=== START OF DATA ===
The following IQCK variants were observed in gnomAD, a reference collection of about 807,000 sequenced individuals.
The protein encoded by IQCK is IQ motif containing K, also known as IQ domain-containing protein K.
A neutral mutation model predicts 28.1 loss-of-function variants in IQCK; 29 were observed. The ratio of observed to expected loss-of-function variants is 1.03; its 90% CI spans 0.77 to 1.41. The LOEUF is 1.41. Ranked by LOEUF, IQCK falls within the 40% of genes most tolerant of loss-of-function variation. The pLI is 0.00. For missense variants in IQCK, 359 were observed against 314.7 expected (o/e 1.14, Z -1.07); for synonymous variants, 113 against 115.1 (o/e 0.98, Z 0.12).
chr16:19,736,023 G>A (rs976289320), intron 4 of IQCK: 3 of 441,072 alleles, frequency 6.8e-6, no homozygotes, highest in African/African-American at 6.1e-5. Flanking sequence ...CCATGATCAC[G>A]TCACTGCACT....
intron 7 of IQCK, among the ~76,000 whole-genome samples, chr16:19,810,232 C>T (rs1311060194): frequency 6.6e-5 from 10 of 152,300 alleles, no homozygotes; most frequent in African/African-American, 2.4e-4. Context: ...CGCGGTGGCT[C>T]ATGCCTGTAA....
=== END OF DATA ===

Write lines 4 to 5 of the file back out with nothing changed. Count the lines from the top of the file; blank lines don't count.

chr16:19,736,023 G>A (rs976289320), intron 4 of IQCK: 3 of 441,072 alleles, frequency 6.8e-6, no homozygotes, highest in African/African-American at 6.1e-5. Flanking sequence ...CCATGATCAC[G>A]TCACTGCACT....
intron 7 of IQCK, among the ~76,000 whole-genome samples, chr16:19,810,232 C>T (rs1311060194): frequency 6.6e-5 from 10 of 152,300 alleles, no homozygotes; most frequent in African/African-American, 2.4e-4. Context: ...CGCGGTGGCT[C>T]ATGCCTGTAA....